At one point in added time, 40 seconds elapsed between Branko Ivanovic’s shot flying into the crowd and Jak Alnwick, the Newcastle keeper, taking the goal kick.

Mourinho said Chelsea had enough chances to win. Yet for much of the match the Blues looked leaden and uninspired.

Perhaps the season is already taking its toll. Mourinho has a squad that allows him to rotate, but he isn’t doing a lot of it. Six players have started every league game.

On the other hand, this was Chelsea’s longest away trip of the English season - even if 275 miles does not seem a huge distance to fans of North American sports. It came just a week after Chelsea’s second-longest trip, some 270 miles to Sunderland, where it gave another uninspired display and drew 0-0. In between, Chelsea crushed Tottenham at Stamford Bridge. Perhaps the team is relapsing into the old Mourinho pattern: dominant at home, conserving energy away.

Short corners

Under the gun -- Arsenal fought back bravely away to one of its bogey teams before losing just 3-2 with 10 men at Stoke. But the late reminder of the Gunners’ undoubted firepower could not disguise the total incompetence of their defense. 

Calum Chambers and Héctor Bellerín both whiffed on chances to clear before Peter Crouch put Stoke ahead after 19 seconds. Per Mertesacker, one of the few Premier League defenders who can look Crouch in the eye without standing on a box, was not in position to challenge as Crouch won the headers that led to the first and third goals. Dámian Martínez looked hopelessly out of his depth all afternoon. He was fortunate after he misplayed Bojan’s shot that the goal, which would have put Stoke four up, was disallowed because Mame Biram Diouf was in an offside position. Chambers, who is proving to be a yellow card machine, ended an undistinguished afternoon by earning his second of the game for his first career red. Martínez and Bellerin are backups, but their display highlighted Arsenal’s lack of defensive depth. This was not a Premier League defense.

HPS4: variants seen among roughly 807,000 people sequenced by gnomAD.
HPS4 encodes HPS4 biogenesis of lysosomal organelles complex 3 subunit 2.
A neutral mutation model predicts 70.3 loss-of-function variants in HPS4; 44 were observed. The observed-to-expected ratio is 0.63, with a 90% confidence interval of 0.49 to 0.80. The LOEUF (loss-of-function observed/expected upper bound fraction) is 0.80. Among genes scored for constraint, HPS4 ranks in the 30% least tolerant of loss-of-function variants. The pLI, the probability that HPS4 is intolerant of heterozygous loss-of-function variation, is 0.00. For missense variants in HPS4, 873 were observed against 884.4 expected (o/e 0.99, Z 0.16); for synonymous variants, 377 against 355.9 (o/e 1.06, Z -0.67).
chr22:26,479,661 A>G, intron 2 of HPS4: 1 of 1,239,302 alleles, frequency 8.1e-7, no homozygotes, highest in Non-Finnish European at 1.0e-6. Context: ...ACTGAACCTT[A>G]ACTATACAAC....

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Lacking punch -- The problems for Liverpool at Anfield run deeper than whether Steven Gerrard is in the starting lineup. Liverpool couldn’t score against Sunderland when Gerrard was on the bench.  It couldn’t score after Gerrard came on, either.

The 0-0 result might have something to do with Sunderland, which has drawn nine of its 15 league games this season.

Liverpool, once again, created very little, managing two shots on target all afternoon. It has scored just seven goals in eight home games this season. That’s a horrible stat. The departed Luis Suárez and injured Daniel Sturridge are missed, but the attacking players bought with the Suárez money – Mario Balotelli, Adam Lallana, Rickie Lambert, Lazar Markovic – have scored just four goals between them. They aren’t winning the penalties and free kicks that would allow Gerrard to pick up some of the scoring slack.

"If you can't win it's important you don't lose,” Brendan Rodgers, the Liverpool manager, told the BBC. But at the moment, the glass is a lot less than half full.

Bad sign for Spurs -- Hugo Lloris provided another reminder that he is a world-class goalie on Saturday. The problem for Tottenham was that he needed to be. Spurs only managed a 0-0 draw at home against a Crystal Palace team floundering at the bottom of the table because Lloris pulled off a string of great saves. The goalie had to be good because no one else in his team was.